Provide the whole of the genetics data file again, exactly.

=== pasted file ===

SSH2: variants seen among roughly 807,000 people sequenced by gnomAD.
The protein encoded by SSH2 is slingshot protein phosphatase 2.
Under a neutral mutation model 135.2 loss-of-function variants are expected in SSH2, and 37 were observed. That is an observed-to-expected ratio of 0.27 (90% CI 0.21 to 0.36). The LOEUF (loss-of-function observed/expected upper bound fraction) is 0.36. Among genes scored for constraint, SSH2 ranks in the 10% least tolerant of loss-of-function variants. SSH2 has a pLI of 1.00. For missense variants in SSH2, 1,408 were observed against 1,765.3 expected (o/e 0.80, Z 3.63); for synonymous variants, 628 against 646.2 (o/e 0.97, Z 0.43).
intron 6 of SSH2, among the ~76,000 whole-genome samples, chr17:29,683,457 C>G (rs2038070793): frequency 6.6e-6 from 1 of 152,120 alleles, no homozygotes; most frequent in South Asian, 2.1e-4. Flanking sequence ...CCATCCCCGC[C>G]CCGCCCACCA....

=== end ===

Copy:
SSH2: variants seen among roughly 807,000 people sequenced by gnomAD.
The protein encoded by SSH2 is slingshot protein phosphatase 2.
Under a neutral mutation model 135.2 loss-of-function variants are expected in SSH2, and 37 were observed. That is an observed-to-expected ratio of 0.27 (90% CI 0.21 to 0.36). The LOEUF (loss-of-function observed/expected upper bound fraction) is 0.36. Among genes scored for constraint, SSH2 ranks in the 10% least tolerant of loss-of-function variants. SSH2 has a pLI of 1.00. For missense variants in SSH2, 1,408 were observed against 1,765.3 expected (o/e 0.80, Z 3.63); for synonymous variants, 628 against 646.2 (o/e 0.97, Z 0.43).
intron 6 of SSH2, among the ~76,000 whole-genome samples, chr17:29,683,457 C>G (rs2038070793): frequency 6.6e-6 from 1 of 152,120 alleles, no homozygotes; most frequent in South Asian, 2.1e-4. Flanking sequence ...CCATCCCCGC[C>G]CCGCCCACCA....